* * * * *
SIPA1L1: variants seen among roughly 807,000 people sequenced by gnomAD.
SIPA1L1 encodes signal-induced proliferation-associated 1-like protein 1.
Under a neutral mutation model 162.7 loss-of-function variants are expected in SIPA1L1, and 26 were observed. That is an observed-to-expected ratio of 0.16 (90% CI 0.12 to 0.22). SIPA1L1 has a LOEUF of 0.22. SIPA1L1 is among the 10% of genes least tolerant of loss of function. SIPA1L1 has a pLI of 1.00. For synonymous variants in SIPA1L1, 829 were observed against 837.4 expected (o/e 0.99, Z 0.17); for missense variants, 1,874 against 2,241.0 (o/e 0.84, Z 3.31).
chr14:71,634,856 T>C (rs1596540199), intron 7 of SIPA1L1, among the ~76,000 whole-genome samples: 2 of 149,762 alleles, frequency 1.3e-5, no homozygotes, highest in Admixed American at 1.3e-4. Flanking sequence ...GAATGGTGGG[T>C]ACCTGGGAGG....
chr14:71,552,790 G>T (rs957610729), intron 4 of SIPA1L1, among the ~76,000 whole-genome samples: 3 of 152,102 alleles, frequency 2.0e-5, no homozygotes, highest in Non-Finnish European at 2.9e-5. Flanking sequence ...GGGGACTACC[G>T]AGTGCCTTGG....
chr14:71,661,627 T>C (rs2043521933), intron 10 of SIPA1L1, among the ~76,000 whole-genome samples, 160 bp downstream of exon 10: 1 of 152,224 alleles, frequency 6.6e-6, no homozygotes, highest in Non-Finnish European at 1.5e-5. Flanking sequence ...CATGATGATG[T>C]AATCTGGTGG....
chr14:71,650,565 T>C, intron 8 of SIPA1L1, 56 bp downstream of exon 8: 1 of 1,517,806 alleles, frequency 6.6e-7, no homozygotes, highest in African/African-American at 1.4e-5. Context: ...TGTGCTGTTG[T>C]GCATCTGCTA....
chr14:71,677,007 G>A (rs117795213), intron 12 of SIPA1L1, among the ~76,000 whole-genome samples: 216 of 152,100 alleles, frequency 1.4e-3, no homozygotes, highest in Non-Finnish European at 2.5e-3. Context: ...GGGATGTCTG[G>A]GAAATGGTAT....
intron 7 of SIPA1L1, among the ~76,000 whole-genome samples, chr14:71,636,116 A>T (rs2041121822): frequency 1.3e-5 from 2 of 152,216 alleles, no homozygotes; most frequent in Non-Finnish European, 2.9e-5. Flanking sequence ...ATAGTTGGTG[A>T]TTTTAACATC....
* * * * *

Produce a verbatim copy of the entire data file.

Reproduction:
SIPA1L1: variants seen among roughly 807,000 people sequenced by gnomAD.
SIPA1L1 encodes signal-induced proliferation-associated 1-like protein 1.
Under a neutral mutation model 162.7 loss-of-function variants are expected in SIPA1L1, and 26 were observed. That is an observed-to-expected ratio of 0.16 (90% CI 0.12 to 0.22). SIPA1L1 has a LOEUF of 0.22. SIPA1L1 is among the 10% of genes least tolerant of loss of function. SIPA1L1 has a pLI of 1.00. For synonymous variants in SIPA1L1, 829 were observed against 837.4 expected (o/e 0.99, Z 0.17); for missense variants, 1,874 against 2,241.0 (o/e 0.84, Z 3.31).
chr14:71,634,856 T>C (rs1596540199), intron 7 of SIPA1L1, among the ~76,000 whole-genome samples: 2 of 149,762 alleles, frequency 1.3e-5, no homozygotes, highest in Admixed American at 1.3e-4. Flanking sequence ...GAATGGTGGG[T>C]ACCTGGGAGG....
chr14:71,552,790 G>T (rs957610729), intron 4 of SIPA1L1, among the ~76,000 whole-genome samples: 3 of 152,102 alleles, frequency 2.0e-5, no homozygotes, highest in Non-Finnish European at 2.9e-5. Flanking sequence ...GGGGACTACC[G>T]AGTGCCTTGG....
chr14:71,661,627 T>C (rs2043521933), intron 10 of SIPA1L1, among the ~76,000 whole-genome samples, 160 bp downstream of exon 10: 1 of 152,224 alleles, frequency 6.6e-6, no homozygotes, highest in Non-Finnish European at 1.5e-5. Flanking sequence ...CATGATGATG[T>C]AATCTGGTGG....
chr14:71,650,565 T>C, intron 8 of SIPA1L1, 56 bp downstream of exon 8: 1 of 1,517,806 alleles, frequency 6.6e-7, no homozygotes, highest in African/African-American at 1.4e-5. Context: ...TGTGCTGTTG[T>C]GCATCTGCTA....
chr14:71,677,007 G>A (rs117795213), intron 12 of SIPA1L1, among the ~76,000 whole-genome samples: 216 of 152,100 alleles, frequency 1.4e-3, no homozygotes, highest in Non-Finnish European at 2.5e-3. Context: ...GGGATGTCTG[G>A]GAAATGGTAT....
intron 7 of SIPA1L1, among the ~76,000 whole-genome samples, chr14:71,636,116 A>T (rs2041121822): frequency 1.3e-5 from 2 of 152,216 alleles, no homozygotes; most frequent in Non-Finnish European, 2.9e-5. Flanking sequence ...ATAGTTGGTG[A>T]TTTTAACATC....